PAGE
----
Bottle attack on Abercynon firefighters 'appalling'
An attack on firefighters who had bottles thrown at them while tackling a fire that was started deliberately was "absolutely appalling".
The Abercynon crew was targeted in a park in Ynysboeth, Rhondda Cynon Taff (RCT), on Friday.
Jennie Griffiths, of South Wales Fire and Rescue Service, said she was "angered, disappointed and shocked".
RCT council leader Andrew Morgan said he was appalled and backed the use of body-worn cameras.
It comes as Gwent Police also revealed 11 of its officers were assaulted in a 24-hour period over the weekend.
Ch Supt Marc Budden told BBC Wales it was "shocking".
Officers had been bitten, spat at and head butted, he said.
"We try and protect our officers in the best way we can. They carry handcuffs, batons, but the biggest thing they carry is their communication skills," he explained.
"On the majority of occasions we resolve incidents very very quickly for the safety of the public, unfortunately 11 officers have been assaulted this weekend."
In Ynysboeth, firefighters were attacked as they tried to put out a fire that had been started deliberately in a park at about 23:00 BST.
Mr Morgan, who represents the neighbouring Mountain Ash West ward, visited the location of the attack and fire on Saturday.
He backed calls for emergency service workers to wear body-worn cameras.
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"There's a general issue across areas like parks and public spaces, it seems to be okay to light fires and damage public property," he said.
"It's not just damaging property, it's actually putting people's lives at risk. For example, Abercynon fire station only have one fire engine. If they're dealing with a fire in the park, and then had another call, they could be prevented from saving lives in house fires.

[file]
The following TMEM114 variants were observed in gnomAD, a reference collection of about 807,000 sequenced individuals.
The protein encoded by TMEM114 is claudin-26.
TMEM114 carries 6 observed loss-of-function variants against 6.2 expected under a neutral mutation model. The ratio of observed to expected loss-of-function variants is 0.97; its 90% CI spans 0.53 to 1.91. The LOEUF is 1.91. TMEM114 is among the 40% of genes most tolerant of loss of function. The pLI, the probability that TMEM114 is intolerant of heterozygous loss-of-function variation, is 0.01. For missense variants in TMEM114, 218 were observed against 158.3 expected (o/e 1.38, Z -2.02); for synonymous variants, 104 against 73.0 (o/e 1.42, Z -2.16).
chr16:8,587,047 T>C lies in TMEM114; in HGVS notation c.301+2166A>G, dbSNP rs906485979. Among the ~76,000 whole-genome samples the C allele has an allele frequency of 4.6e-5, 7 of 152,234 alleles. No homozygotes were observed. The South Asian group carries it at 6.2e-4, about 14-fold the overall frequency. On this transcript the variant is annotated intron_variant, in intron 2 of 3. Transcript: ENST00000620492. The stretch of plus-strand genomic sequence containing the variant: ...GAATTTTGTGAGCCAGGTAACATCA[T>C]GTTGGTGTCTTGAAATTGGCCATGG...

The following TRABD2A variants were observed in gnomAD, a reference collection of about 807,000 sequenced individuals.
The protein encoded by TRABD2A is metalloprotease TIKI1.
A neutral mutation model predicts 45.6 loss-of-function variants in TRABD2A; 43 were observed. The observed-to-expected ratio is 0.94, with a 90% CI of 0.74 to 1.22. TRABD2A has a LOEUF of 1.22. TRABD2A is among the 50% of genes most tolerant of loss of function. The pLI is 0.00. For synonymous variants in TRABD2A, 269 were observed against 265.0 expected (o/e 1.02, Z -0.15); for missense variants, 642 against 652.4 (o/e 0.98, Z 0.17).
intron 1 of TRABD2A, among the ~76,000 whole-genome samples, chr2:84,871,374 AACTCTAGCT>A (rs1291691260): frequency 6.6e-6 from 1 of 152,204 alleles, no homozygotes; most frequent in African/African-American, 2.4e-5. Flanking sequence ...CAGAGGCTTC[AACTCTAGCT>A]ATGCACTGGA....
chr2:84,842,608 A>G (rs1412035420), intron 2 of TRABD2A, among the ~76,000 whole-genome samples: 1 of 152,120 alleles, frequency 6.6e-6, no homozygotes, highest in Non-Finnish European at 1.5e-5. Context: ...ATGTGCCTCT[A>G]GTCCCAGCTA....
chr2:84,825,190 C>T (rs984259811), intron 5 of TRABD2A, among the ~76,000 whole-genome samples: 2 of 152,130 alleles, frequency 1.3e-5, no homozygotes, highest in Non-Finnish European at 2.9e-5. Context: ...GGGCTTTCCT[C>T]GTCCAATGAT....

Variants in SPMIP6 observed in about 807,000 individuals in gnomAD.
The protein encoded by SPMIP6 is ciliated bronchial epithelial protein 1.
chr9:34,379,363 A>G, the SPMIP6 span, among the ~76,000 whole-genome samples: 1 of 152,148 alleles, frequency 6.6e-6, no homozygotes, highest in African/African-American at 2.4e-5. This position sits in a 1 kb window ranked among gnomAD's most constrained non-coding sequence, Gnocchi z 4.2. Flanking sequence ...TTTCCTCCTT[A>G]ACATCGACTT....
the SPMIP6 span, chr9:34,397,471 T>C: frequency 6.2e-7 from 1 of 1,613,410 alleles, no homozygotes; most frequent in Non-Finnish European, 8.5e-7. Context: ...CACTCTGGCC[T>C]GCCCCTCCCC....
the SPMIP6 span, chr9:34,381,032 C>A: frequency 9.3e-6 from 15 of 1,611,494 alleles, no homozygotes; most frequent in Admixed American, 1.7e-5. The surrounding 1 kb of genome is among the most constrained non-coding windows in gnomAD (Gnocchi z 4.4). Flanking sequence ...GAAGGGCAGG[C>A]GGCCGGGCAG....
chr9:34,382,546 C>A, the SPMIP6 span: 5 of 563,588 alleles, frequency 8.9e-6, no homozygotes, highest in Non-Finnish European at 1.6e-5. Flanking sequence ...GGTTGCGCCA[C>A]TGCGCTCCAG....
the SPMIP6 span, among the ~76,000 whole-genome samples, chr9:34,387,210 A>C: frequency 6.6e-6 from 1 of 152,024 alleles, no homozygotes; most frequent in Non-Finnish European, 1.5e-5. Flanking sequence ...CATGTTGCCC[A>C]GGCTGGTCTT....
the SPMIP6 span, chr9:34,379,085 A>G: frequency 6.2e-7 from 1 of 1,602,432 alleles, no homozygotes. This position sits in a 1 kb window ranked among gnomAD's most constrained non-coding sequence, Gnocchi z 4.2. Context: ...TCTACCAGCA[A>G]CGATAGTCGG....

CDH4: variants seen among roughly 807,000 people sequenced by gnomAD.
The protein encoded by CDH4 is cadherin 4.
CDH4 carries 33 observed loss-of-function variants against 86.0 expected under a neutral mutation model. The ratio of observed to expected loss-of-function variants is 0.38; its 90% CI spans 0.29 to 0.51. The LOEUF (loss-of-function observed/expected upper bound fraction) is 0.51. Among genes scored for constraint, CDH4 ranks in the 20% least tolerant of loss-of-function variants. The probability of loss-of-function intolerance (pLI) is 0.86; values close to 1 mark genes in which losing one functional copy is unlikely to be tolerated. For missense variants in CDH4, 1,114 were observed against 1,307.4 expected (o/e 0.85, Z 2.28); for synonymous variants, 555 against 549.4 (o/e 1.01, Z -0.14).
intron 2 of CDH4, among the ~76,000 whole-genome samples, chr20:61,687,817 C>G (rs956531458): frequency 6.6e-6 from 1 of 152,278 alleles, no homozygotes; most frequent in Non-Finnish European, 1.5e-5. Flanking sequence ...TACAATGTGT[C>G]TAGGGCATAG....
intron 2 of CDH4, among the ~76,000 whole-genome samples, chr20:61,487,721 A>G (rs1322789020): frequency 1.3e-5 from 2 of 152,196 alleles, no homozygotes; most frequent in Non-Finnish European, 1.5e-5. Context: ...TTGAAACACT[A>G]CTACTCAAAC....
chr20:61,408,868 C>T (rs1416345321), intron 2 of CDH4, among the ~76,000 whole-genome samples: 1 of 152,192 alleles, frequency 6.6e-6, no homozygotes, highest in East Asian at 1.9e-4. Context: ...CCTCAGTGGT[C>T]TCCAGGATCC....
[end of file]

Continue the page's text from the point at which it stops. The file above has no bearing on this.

"It's an unfortunate position for me to say that I welcome body cameras, but it's the only way.
"But the body cameras won't actually prevent it, there needs to be a cultural education programme around it. This kind of behaviour is absolutely appalling."
But Cerith Griffiths, Regional Secretary of Fire Brigades Union said he wasn't convinced body cameras were the way forward for fire crews in Wales, "We are not entirely convinced that they are effective.
"The fire service have always been seen to be neutral, and if we started to take on the role of catching the criminal, then we have concerns that it might increase the attacks."
He said education programmes for youngsters would be more effective.
The Welsh Ambulance Service has said that paramedics could soon wear body cameras after a spike in its staff being attacked.
Nathan Holman, the Welsh Ambulance Branch Secretary for the GMB said , "We want to find a way forward to do our job and help the public but also find ways of protecting ourselves. We are concerned about the Big Brother watching us, but how do we get past that?"
Five health boards in Wales already use the body cameras to record attacks and abuse towards hospital staff in a bid to deter violent behaviour - with security staff wearing them.